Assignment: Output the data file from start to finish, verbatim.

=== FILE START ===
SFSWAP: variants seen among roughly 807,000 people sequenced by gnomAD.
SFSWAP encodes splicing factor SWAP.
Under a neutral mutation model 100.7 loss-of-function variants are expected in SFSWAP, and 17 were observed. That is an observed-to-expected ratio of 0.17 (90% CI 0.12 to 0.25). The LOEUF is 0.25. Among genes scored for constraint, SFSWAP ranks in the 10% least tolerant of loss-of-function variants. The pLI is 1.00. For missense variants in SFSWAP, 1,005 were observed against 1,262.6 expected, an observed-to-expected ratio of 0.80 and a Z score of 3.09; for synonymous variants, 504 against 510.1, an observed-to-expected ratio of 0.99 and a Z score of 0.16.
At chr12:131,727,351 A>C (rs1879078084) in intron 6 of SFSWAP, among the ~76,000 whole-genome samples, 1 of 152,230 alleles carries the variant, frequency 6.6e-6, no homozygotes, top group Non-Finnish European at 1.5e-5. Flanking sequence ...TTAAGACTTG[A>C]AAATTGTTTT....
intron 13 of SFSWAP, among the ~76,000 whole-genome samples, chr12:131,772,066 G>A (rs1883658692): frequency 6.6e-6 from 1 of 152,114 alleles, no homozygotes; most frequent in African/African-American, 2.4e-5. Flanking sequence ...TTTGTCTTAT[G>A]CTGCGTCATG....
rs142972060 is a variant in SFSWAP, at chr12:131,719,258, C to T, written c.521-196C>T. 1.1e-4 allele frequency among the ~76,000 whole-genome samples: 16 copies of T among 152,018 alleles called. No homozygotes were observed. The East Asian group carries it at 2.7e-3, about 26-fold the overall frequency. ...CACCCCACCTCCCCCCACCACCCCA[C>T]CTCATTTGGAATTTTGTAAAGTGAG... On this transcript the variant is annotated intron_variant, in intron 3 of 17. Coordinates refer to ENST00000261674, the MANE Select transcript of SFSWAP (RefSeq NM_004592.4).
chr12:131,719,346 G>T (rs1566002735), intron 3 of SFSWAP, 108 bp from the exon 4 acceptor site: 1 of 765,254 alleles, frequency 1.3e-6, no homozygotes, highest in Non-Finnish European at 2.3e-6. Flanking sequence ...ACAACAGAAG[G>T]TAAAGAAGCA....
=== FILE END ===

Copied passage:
SFSWAP: variants seen among roughly 807,000 people sequenced by gnomAD.
SFSWAP encodes splicing factor SWAP.
Under a neutral mutation model 100.7 loss-of-function variants are expected in SFSWAP, and 17 were observed. That is an observed-to-expected ratio of 0.17 (90% CI 0.12 to 0.25). The LOEUF is 0.25. Among genes scored for constraint, SFSWAP ranks in the 10% least tolerant of loss-of-function variants. The pLI is 1.00. For missense variants in SFSWAP, 1,005 were observed against 1,262.6 expected, an observed-to-expected ratio of 0.80 and a Z score of 3.09; for synonymous variants, 504 against 510.1, an observed-to-expected ratio of 0.99 and a Z score of 0.16.
At chr12:131,727,351 A>C (rs1879078084) in intron 6 of SFSWAP, among the ~76,000 whole-genome samples, 1 of 152,230 alleles carries the variant, frequency 6.6e-6, no homozygotes, top group Non-Finnish European at 1.5e-5. Flanking sequence ...TTAAGACTTG[A>C]AAATTGTTTT....
intron 13 of SFSWAP, among the ~76,000 whole-genome samples, chr12:131,772,066 G>A (rs1883658692): frequency 6.6e-6 from 1 of 152,114 alleles, no homozygotes; most frequent in African/African-American, 2.4e-5. Flanking sequence ...TTTGTCTTAT[G>A]CTGCGTCATG....
rs142972060 is a variant in SFSWAP, at chr12:131,719,258, C to T, written c.521-196C>T. 1.1e-4 allele frequency among the ~76,000 whole-genome samples: 16 copies of T among 152,018 alleles called. No homozygotes were observed. The East Asian group carries it at 2.7e-3, about 26-fold the overall frequency. ...CACCCCACCTCCCCCCACCACCCCA[C>T]CTCATTTGGAATTTTGTAAAGTGAG... On this transcript the variant is annotated intron_variant, in intron 3 of 17. Coordinates refer to ENST00000261674, the MANE Select transcript of SFSWAP (RefSeq NM_004592.4).
chr12:131,719,346 G>T (rs1566002735), intron 3 of SFSWAP, 108 bp from the exon 4 acceptor site: 1 of 765,254 alleles, frequency 1.3e-6, no homozygotes, highest in Non-Finnish European at 2.3e-6. Flanking sequence ...ACAACAGAAG[G>T]TAAAGAAGCA....